NATO, U.S. See Rise in Russian Naval Activity in Seas Around Europe, Top Commander Says

Air Force Gen. Tod Wolters, NATO’s supreme allied commander and commander of U.S. European Command, speaks to a Defense Writers’ breakfast Dec. 10. George Washington University

NATO and U.S. forces in Europe are seeing increased Russian naval activities in all the seas around Europe. But following a meeting with Russia’s military chief they have seen no unprofessional or unsafe incidents at sea or in the air in at least 90 days, the top allied and U.S. commander in Europe said Dec. 10.

“I see Russian activity in the Arctic, see it in the Baltic, see it in the Black Sea, the Mediterranean,” Air Force Gen. Tod Wolters, NATO’s supreme allied commander and commander of U.S. European Command, told a Defense Writers’ breakfast.

“I see Russia doing everything they can to expand their coverage, to see as much of the space as they possibly can, and it’s something we will continue to dialogue about so that our sailors and their sailors are appropriately deconflicted, and we don’t have any future incidents of unprofessional actions at sea and in the sky.”

In recent years, allied commanders have complained repeatedly about dangerously close maneuvers by Russia aircraft near alliance planes or ships and aggressive conduct, including near collisions, by Russian warships, particularly in the Black Sea.

“Since my last face-to-face with Gen. Gerasimov we have seen zero unprofessional incidents at sea, zero in the sky,” Wolters said, referring to Gen. Valery Gerasimov, Russia’s chief of staff, who he met in the fall.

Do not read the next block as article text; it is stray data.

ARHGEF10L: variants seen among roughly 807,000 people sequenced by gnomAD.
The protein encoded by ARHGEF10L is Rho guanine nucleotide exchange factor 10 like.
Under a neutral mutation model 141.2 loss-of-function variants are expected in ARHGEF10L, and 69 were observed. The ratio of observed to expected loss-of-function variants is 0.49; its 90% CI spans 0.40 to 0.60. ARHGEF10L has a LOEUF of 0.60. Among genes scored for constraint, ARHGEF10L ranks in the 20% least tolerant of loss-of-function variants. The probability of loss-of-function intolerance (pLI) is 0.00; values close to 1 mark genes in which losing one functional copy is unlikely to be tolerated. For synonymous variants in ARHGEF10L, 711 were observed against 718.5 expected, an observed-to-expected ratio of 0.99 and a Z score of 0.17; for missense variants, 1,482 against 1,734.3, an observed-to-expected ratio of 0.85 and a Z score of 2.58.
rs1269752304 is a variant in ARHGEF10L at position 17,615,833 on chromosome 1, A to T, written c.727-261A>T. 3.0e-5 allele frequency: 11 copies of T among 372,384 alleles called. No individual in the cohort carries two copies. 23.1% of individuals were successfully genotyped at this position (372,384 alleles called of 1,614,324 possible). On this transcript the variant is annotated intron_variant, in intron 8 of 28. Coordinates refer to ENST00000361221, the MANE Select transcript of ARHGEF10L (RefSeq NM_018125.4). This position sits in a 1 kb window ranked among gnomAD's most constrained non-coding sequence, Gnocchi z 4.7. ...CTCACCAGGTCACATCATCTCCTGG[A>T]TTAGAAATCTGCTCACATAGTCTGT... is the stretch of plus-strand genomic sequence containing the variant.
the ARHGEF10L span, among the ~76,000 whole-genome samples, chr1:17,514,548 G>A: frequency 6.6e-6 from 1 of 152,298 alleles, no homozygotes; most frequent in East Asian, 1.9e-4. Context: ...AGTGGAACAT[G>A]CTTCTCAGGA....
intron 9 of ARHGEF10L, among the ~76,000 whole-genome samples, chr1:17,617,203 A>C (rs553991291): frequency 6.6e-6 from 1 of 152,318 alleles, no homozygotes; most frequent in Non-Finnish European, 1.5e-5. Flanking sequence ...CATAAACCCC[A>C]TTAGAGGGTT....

Asked what the alliance is doing in response to the growing presence of Russian submarines, Wolters said, “we’re always looking at exercises and investments to improve our view of the maritime environment. We’re heavily engaged in the Arctic, we’re heavily engaged in the central Atlantic, in the western Med, the eastern Med. Every single day we’re looking to see what we can possibly do to improve our ability to see the maritime environment, to command and control the maritime and we do so comprehensively, 360 degrees, all around the European continent.”

Wolters said the Standing NATO Maritime Force is “focused on both” anti-submarine and counter-surface capabilities. NATO has two surface standing groups and two mine countermeasure groups, made up of rotating ships from alliance members.

Asked about his biggest technology needs, Wolters cited resources that allow commanders to act faster, that allow them “to see the entire battlespace, so they could better defend” resources to command and control. He noted NATO’s decision to buy Northrop Grumman’s Global Hawk long-endurance “remotely piloted aircraft,” as the Air Force calls UAVs, with five in the initial order.

Wolters spoke extensively about the upcoming Defender Europe 20 exercise, which will involve moving 20,000 U.S. troops from the United States to join with more than 8.000 American and a similar number of allied troops forces in Europe. It would be the largest movement of U.S. forces from the states to Europe since the Cold War Reforger Exercises.

“It would be a huge benefit to show we can deploy from anywhere on earth” to deter a potential adversary, he said. Asked about the challenge of moving forces and supplies across the Atlantic in the face of the growing Russian submarine threat, Wolters said: “I’m always concerned about that. And the reason we’re doing Defender is to improve our ability to shift and maneuver those forces over long distances. When we’re done, we’ll critique it and get better in the future.”